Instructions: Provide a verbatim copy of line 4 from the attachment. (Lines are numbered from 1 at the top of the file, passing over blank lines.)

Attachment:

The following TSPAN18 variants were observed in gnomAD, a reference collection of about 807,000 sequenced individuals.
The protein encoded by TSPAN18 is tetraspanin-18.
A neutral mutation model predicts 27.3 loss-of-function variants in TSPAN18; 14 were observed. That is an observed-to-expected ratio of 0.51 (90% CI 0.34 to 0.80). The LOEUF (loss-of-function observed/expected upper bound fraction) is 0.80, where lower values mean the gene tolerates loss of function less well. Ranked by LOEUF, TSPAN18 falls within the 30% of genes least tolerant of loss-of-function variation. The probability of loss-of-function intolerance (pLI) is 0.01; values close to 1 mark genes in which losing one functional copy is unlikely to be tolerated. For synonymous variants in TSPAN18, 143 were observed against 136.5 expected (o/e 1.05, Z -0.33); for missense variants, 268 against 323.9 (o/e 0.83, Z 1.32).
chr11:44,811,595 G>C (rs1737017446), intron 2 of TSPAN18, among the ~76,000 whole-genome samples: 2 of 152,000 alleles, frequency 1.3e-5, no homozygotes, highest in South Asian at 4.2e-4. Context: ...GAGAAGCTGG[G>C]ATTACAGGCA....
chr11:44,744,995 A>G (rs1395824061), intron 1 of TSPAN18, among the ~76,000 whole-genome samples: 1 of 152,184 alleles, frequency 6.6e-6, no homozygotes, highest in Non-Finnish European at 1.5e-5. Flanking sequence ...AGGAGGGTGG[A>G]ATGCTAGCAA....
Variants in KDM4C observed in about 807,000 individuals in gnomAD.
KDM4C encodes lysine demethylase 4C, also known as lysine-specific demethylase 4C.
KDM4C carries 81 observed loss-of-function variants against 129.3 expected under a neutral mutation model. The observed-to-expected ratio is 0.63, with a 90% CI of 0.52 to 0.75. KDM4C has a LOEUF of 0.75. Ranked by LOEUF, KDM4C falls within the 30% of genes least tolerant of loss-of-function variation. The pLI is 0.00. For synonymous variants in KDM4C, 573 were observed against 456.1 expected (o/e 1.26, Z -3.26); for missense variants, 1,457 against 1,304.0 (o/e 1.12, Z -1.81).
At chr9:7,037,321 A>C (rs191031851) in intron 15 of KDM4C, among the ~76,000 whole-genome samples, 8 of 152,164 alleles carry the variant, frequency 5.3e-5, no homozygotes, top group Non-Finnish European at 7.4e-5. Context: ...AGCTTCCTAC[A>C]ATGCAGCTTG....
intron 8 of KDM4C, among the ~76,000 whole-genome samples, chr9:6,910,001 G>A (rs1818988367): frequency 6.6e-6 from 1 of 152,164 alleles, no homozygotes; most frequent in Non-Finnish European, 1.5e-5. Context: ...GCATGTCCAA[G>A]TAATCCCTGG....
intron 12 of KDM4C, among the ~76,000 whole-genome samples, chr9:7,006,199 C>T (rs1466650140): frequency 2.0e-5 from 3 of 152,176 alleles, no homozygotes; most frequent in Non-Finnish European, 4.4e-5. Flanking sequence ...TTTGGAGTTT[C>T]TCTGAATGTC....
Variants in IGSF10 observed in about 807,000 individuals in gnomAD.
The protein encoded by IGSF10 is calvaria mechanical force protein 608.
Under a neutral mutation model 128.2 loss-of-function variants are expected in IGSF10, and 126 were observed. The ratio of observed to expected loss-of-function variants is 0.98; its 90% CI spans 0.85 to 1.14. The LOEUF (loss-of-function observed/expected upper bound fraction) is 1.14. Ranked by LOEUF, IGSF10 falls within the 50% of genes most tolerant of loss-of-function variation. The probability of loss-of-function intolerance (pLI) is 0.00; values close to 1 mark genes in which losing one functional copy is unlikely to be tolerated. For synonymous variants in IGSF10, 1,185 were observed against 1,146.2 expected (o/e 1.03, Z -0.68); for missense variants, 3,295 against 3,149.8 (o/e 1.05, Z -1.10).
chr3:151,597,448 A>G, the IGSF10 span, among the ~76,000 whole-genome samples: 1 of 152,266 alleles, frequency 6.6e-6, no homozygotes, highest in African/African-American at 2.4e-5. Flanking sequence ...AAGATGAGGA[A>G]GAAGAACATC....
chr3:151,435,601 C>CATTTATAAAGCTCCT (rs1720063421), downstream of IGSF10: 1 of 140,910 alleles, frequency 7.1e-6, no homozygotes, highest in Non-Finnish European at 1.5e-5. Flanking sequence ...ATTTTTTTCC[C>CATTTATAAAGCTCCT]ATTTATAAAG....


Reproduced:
chr11:44,811,595 G>C (rs1737017446), intron 2 of TSPAN18, among the ~76,000 whole-genome samples: 2 of 152,000 alleles, frequency 1.3e-5, no homozygotes, highest in South Asian at 4.2e-4. Context: ...GAGAAGCTGG[G>C]ATTACAGGCA....